The Council for Aluminium in Building (CAB) has reported sustained growth in sales of aluminium products, despite a decline at the wider construction industry level. Phil Slinger, CAB’s chief executive, has predicted that sales growth in aluminium sales is likely to continue. Phil’s comments follow publication of the State of Trade Survey for Q3, which was created by the Construction Products Association (CPA), of which CAB is a member.
The latest State of Trade Survey revealed that, on net balance, 12% of ‘heavy side’ firms saw sales fall – the first quarterly decrease in sales since Covid-19-pandemic-related restrictions were introduced in 2020 Q2. A fall in sales for heavy side firms indicates a reduction in project starts, Phil explained, and, as fenestration requirements can be up to 12 months on from the start of a project, CAB members are still reporting strong historic sales of 54% on net balance, which is stronger than reported in Q2.
Just 8% of company representatives on net balance indicated that there would be sales growth in the year ahead. By contrast, in Q2, members forecasted 52% growth for the next quarter and 38% growth beyond that. Phil predicted that forecasts could bounce back though, as the UK government appears to have stabilised the financial markets under chancellor Jeremy Hunt.
Recipients completed the State of Trade Survey in early October, which was directly after the former chancellor Kwasi Kwarteng’s mini budget (23 September). As such, the results are likely to be skewed by reactions to that budget, according to CAB’s chief executive. With the mini budget in mind, respondents to the survey indicated a pessimistic view of the future: 15% of members on net balance expected a fall in sales in the next quarter.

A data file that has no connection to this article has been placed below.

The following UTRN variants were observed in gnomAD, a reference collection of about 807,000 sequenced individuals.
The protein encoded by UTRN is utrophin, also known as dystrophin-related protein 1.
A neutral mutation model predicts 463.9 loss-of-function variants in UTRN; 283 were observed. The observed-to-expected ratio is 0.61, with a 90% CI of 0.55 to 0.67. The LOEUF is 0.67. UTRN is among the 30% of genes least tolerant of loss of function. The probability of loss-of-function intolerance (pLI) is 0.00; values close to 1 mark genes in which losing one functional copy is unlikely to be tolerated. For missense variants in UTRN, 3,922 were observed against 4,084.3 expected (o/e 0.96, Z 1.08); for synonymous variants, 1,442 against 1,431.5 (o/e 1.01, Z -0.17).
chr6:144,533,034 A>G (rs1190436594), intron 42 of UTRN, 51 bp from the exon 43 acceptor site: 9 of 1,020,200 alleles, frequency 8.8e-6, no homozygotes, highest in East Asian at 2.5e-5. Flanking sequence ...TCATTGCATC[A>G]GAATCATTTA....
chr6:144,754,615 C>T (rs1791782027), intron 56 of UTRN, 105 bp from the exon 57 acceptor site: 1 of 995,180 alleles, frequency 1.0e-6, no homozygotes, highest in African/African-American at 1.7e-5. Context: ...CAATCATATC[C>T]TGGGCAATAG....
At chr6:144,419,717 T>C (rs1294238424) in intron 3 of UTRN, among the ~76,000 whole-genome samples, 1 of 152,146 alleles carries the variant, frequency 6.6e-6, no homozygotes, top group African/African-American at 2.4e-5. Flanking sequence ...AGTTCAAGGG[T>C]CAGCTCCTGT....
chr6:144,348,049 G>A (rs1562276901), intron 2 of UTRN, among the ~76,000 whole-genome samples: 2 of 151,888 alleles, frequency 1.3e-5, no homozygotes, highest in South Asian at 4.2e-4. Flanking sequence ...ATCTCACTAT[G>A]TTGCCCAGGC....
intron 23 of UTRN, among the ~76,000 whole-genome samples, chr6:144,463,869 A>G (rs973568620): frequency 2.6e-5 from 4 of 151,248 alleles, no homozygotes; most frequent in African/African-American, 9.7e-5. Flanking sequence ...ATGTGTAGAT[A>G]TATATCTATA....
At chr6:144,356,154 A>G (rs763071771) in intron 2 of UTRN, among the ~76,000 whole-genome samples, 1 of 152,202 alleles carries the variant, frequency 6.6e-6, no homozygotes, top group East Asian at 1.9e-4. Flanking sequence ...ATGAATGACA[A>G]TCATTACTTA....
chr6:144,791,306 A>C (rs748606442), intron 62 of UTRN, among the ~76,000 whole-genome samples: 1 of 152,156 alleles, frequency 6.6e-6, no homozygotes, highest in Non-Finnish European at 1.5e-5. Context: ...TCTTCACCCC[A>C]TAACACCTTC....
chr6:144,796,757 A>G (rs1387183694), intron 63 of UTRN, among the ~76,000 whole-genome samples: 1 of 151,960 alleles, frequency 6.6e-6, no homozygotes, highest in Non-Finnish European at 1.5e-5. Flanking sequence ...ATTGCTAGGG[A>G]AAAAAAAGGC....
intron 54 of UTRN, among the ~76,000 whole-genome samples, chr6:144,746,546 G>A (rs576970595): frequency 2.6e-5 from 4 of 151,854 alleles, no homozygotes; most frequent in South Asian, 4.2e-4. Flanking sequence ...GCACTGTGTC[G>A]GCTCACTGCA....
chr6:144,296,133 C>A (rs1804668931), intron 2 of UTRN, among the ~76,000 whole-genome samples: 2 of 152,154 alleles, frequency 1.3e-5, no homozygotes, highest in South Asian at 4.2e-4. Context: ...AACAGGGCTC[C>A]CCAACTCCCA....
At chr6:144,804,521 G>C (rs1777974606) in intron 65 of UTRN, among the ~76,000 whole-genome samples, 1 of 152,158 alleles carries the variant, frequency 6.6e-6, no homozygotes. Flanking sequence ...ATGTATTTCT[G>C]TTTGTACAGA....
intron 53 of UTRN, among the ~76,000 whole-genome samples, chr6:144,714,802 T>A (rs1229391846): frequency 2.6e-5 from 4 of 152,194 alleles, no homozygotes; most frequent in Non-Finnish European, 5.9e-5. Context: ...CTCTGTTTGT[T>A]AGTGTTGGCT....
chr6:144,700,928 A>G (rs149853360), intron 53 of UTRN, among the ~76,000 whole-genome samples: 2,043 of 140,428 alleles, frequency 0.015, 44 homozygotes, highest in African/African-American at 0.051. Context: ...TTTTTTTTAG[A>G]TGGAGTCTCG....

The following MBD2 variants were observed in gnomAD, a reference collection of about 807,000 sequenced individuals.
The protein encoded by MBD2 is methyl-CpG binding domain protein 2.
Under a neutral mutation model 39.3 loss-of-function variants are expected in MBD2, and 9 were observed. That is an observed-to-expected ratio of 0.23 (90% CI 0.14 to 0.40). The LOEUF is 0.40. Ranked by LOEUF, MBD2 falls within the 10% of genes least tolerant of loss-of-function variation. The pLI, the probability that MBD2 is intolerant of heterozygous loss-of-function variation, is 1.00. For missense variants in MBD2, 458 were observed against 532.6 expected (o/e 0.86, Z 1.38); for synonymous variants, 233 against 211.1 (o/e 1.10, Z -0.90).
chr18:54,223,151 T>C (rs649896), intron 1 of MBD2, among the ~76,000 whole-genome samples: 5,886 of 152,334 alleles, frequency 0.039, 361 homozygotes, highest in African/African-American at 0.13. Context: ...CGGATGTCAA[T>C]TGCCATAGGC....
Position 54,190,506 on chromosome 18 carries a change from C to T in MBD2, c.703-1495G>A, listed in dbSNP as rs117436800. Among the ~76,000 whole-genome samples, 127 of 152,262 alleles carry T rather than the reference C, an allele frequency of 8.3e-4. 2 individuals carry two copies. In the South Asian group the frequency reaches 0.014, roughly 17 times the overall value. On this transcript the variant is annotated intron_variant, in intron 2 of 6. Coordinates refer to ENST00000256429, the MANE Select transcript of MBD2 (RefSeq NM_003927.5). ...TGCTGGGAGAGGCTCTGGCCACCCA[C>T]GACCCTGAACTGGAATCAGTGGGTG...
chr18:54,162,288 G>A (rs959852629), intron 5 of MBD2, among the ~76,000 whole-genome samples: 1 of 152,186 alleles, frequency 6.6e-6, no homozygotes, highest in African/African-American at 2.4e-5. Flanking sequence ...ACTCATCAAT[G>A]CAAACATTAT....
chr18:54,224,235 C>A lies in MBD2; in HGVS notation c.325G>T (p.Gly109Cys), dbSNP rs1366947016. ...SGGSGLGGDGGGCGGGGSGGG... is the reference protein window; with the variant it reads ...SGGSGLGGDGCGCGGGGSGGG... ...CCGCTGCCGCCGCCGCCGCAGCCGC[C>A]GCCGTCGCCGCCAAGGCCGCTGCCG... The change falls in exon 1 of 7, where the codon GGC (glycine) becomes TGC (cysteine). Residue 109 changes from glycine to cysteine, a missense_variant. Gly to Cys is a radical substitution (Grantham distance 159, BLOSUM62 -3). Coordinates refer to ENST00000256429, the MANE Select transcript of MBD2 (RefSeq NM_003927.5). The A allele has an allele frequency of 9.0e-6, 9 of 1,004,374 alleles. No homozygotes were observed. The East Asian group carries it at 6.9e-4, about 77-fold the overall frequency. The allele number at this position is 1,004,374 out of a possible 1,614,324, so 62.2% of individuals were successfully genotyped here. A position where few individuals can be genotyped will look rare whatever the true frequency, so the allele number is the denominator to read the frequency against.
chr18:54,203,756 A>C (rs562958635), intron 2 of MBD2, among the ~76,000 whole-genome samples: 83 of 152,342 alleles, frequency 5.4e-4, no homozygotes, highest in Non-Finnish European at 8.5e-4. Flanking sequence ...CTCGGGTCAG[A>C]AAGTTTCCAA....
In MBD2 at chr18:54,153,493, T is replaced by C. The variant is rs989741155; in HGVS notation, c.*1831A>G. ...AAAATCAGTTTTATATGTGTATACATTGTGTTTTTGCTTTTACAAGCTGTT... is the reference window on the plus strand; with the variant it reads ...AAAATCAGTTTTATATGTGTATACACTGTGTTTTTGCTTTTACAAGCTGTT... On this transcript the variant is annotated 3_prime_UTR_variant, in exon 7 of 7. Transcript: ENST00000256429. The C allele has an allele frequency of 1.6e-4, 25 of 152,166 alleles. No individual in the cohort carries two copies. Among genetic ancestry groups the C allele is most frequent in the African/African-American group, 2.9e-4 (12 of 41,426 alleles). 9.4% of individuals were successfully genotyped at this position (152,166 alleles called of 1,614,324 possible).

According to CAB’s chief executive, historic unit costs remain high for all construction product companies, though those costs are slightly softer than the Q2 figures. Companies have forecasted unit costs to remain high for the next quarter and year head.
Energy costs remain the biggest influence on cost factors, the report has shown. Members reported increases of 100% on their business energy costs. Fuel costs have softened since Q2, when it was reported as the biggest influence at 100% on net balance.
In Q1 and Q2 capital investment centred on product improvement but in Q3 this changed to plant and equipment, according to Phil. He went on to suggest that wider adoption of more energy-efficient machinery could be due to pressures to reduce costs. CAB members have also increased capital expenditure in property, growing from 33% in Q1 and Q2 to 50% in Q3.
CAB’s chief executive said: “Whilst the Q3 State of Trade Survey report offers reasonable stability in turbulent times, it remains to be seen what future budgets will be brought forward by the UK government in order to curb a high inflation rate.” The next quarterly report is due in January 2023.